The toolbox module 930 of the ROM 970 contains a set of toolbox routines for processing data, text and graphics on the portal device 950. These routines include drawing text and graphics on the portal device's display 930, decompressing data transmitted from the portal server 910, reproducing audio on the portal device 950, and performing various input/output and communication functions (e.g., transmitting/receiving data over the client link 860). A variety of additional portal device functions may be included within the toolbox 930 while still complying with the underlying principles of the invention.
In one embodiment, microprograms and portal data 960 are transmitted from the portal server 880 to the external memory 965 of the portal device via a communication interface 990 under control of the CPU 910. Various communication interfaces 990 may be employed without departing from the underlying principles of the invention including, for example, a Universal Serial Bus (“USB”) interface or a serial communication (“serial”) interface. The microprograms in one embodiment are comprised of compact, interpreted instructions known as “bytecodes,” which are converted into native code by the interpreter module 920 before being executed by the CPU 910. One of the benefits of this configuration is that when the microcontroller/CPU portion of the portal device 950 is upgraded (e.g., to a faster and/or less expensive model), only the interpreter module 920 and toolbox 930 of the ROM needs to be rewritten to interpret the currently existing bytecodes for the new microcontroller/CPU. In addition, this configuration allows portal devices 950 with different CPUs to coexist and execute the same microprograms. Moreover, programming frequently-used routines in the ROM toolbox module 930 reduces the size of microprograms stored in the external memory 965, thereby conserving memory and bandwidth over the client link 860. In one embodiment, new interpreter modules 920 and/or toolbox routines 930 may be developed to execute the same microprograms on cellular phones, personal information managers (“PIMs”), or any other device with a CPU and memory.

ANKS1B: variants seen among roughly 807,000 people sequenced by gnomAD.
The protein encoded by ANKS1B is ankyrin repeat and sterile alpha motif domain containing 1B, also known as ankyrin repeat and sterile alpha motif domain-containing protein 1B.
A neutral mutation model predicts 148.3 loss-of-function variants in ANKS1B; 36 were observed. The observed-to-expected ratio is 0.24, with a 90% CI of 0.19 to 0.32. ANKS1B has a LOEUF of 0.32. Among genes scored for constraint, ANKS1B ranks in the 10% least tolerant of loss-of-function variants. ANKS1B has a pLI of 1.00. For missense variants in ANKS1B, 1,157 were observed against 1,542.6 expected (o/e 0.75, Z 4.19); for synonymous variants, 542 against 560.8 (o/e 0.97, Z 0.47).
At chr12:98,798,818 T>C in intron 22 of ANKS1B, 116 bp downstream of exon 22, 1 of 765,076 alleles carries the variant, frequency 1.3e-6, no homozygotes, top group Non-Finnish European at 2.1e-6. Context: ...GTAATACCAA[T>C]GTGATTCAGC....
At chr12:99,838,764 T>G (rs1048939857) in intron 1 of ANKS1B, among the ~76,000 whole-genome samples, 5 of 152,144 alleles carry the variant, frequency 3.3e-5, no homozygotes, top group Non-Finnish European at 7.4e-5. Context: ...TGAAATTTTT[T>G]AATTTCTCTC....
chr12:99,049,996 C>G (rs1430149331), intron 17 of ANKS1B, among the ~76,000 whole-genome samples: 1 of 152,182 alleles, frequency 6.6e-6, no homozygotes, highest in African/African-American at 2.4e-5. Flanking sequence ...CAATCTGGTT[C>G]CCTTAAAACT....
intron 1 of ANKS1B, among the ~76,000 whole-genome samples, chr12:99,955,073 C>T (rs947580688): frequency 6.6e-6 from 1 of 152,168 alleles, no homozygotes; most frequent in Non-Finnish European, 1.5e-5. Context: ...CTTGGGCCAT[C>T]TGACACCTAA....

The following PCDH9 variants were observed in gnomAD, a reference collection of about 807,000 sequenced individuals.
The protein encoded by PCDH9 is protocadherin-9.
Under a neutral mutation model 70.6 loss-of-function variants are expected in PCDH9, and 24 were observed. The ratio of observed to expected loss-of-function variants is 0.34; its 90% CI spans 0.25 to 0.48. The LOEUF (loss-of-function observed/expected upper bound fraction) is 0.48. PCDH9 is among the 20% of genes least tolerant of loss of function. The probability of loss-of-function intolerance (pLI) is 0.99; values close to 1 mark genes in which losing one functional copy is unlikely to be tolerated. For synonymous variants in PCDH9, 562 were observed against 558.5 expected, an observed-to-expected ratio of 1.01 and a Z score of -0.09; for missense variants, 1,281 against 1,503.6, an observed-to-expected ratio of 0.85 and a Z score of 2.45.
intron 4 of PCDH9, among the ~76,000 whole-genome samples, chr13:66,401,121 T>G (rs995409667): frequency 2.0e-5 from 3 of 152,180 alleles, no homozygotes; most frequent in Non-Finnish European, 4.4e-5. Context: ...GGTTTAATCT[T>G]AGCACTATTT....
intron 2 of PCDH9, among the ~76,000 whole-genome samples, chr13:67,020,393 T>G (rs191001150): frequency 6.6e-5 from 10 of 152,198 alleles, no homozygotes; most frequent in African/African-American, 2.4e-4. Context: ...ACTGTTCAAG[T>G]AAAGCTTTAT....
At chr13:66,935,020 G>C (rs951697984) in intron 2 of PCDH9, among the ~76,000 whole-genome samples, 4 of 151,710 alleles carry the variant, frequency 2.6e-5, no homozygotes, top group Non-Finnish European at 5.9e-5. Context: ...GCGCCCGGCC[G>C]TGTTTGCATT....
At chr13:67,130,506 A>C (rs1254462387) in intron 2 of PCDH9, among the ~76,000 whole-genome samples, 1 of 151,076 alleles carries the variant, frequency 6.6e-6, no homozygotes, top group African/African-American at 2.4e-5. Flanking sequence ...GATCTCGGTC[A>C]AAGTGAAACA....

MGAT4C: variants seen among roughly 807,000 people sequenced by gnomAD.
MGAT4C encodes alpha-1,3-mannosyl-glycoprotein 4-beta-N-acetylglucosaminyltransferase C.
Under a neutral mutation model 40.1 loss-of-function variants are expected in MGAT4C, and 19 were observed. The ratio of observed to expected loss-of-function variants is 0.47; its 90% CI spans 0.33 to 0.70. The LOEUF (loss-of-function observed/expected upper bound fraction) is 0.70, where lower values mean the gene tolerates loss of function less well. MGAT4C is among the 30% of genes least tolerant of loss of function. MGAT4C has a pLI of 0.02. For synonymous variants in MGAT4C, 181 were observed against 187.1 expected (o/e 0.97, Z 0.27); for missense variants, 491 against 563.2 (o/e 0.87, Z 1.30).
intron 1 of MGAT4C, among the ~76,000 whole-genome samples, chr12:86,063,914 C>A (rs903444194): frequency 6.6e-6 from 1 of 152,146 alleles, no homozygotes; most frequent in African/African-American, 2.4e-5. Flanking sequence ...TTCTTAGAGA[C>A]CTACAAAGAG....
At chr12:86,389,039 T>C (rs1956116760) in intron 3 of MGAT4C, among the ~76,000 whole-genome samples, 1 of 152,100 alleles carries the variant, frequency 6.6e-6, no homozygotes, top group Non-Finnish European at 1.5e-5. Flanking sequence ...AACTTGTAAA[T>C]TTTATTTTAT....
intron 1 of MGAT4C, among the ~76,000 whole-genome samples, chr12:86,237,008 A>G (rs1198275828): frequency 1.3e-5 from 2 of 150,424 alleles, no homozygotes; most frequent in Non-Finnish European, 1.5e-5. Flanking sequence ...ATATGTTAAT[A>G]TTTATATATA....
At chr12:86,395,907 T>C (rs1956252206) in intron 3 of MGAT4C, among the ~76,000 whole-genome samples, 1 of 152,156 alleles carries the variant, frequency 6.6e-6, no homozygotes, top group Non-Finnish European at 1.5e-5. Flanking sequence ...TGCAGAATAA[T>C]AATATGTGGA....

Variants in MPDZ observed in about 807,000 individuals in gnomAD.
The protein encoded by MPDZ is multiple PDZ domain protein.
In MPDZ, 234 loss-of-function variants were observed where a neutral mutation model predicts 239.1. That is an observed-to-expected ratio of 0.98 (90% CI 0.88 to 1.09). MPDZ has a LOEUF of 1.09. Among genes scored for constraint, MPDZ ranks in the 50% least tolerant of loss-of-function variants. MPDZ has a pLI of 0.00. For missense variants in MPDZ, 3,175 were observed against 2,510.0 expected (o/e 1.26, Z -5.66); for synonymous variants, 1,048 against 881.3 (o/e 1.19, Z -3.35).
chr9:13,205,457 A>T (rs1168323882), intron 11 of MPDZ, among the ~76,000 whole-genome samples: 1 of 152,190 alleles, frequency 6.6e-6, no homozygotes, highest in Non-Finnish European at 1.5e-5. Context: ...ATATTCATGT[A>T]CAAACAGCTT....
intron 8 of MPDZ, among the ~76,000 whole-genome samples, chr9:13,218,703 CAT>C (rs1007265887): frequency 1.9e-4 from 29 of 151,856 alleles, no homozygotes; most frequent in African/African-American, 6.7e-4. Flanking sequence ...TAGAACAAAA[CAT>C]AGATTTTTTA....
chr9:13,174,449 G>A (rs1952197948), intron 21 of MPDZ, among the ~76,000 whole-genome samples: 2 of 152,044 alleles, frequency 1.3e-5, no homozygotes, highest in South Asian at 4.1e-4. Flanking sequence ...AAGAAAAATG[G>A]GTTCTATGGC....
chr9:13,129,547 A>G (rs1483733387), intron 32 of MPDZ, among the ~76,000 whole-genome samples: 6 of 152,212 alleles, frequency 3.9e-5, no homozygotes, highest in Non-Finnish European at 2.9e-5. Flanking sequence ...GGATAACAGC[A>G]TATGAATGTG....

One embodiment of the ROM 970 may be comprised of interpreted code as well as native code written specifically for the microcontroller CPU 905. More particularly, some toolbox routines may be written as interpreted code (as indicated by the arrow between the toolbox 930 and the interpreter module 920) to conserve memory and bandwidth for the same reasons described above with respect to microprograms. Moreover, in one embodiment, data and microprograms stored in external memory 965 may be configured to override older versions of data/microprograms stored in the ROM 970 (e.g., in the ROM toolbox 930).